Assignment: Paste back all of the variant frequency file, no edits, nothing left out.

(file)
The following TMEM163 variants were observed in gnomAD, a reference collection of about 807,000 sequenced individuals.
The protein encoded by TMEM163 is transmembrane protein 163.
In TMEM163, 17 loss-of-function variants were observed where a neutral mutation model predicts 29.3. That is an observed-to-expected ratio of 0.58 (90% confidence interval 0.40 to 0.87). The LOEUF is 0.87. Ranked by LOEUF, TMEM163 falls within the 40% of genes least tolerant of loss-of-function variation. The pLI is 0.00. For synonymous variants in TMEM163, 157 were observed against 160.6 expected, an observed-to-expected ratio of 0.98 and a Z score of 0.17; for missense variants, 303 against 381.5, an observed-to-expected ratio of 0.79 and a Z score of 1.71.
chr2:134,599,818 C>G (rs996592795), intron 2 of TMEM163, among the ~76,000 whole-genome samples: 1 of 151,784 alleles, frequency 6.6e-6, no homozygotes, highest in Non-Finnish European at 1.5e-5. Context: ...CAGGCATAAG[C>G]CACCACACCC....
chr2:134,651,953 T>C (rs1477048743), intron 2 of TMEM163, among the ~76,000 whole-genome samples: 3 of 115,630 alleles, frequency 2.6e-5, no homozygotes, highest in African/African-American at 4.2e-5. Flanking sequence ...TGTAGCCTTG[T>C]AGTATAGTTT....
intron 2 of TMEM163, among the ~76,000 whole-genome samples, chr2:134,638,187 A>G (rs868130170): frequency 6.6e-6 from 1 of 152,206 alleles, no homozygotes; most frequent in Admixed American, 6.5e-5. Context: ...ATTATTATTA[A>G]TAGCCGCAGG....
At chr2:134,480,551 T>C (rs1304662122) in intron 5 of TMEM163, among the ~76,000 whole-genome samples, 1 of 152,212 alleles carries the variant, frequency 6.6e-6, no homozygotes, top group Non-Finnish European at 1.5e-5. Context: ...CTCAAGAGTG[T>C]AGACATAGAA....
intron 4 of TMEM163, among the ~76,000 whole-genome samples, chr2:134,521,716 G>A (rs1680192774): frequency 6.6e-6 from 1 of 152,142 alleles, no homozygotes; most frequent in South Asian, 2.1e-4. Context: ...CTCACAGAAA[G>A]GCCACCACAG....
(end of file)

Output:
The following TMEM163 variants were observed in gnomAD, a reference collection of about 807,000 sequenced individuals.
The protein encoded by TMEM163 is transmembrane protein 163.
In TMEM163, 17 loss-of-function variants were observed where a neutral mutation model predicts 29.3. That is an observed-to-expected ratio of 0.58 (90% confidence interval 0.40 to 0.87). The LOEUF is 0.87. Ranked by LOEUF, TMEM163 falls within the 40% of genes least tolerant of loss-of-function variation. The pLI is 0.00. For synonymous variants in TMEM163, 157 were observed against 160.6 expected, an observed-to-expected ratio of 0.98 and a Z score of 0.17; for missense variants, 303 against 381.5, an observed-to-expected ratio of 0.79 and a Z score of 1.71.
chr2:134,599,818 C>G (rs996592795), intron 2 of TMEM163, among the ~76,000 whole-genome samples: 1 of 151,784 alleles, frequency 6.6e-6, no homozygotes, highest in Non-Finnish European at 1.5e-5. Context: ...CAGGCATAAG[C>G]CACCACACCC....
chr2:134,651,953 T>C (rs1477048743), intron 2 of TMEM163, among the ~76,000 whole-genome samples: 3 of 115,630 alleles, frequency 2.6e-5, no homozygotes, highest in African/African-American at 4.2e-5. Flanking sequence ...TGTAGCCTTG[T>C]AGTATAGTTT....
intron 2 of TMEM163, among the ~76,000 whole-genome samples, chr2:134,638,187 A>G (rs868130170): frequency 6.6e-6 from 1 of 152,206 alleles, no homozygotes; most frequent in Admixed American, 6.5e-5. Context: ...ATTATTATTA[A>G]TAGCCGCAGG....
At chr2:134,480,551 T>C (rs1304662122) in intron 5 of TMEM163, among the ~76,000 whole-genome samples, 1 of 152,212 alleles carries the variant, frequency 6.6e-6, no homozygotes, top group Non-Finnish European at 1.5e-5. Context: ...CTCAAGAGTG[T>C]AGACATAGAA....
intron 4 of TMEM163, among the ~76,000 whole-genome samples, chr2:134,521,716 G>A (rs1680192774): frequency 6.6e-6 from 1 of 152,142 alleles, no homozygotes; most frequent in South Asian, 2.1e-4. Context: ...CTCACAGAAA[G>A]GCCACCACAG....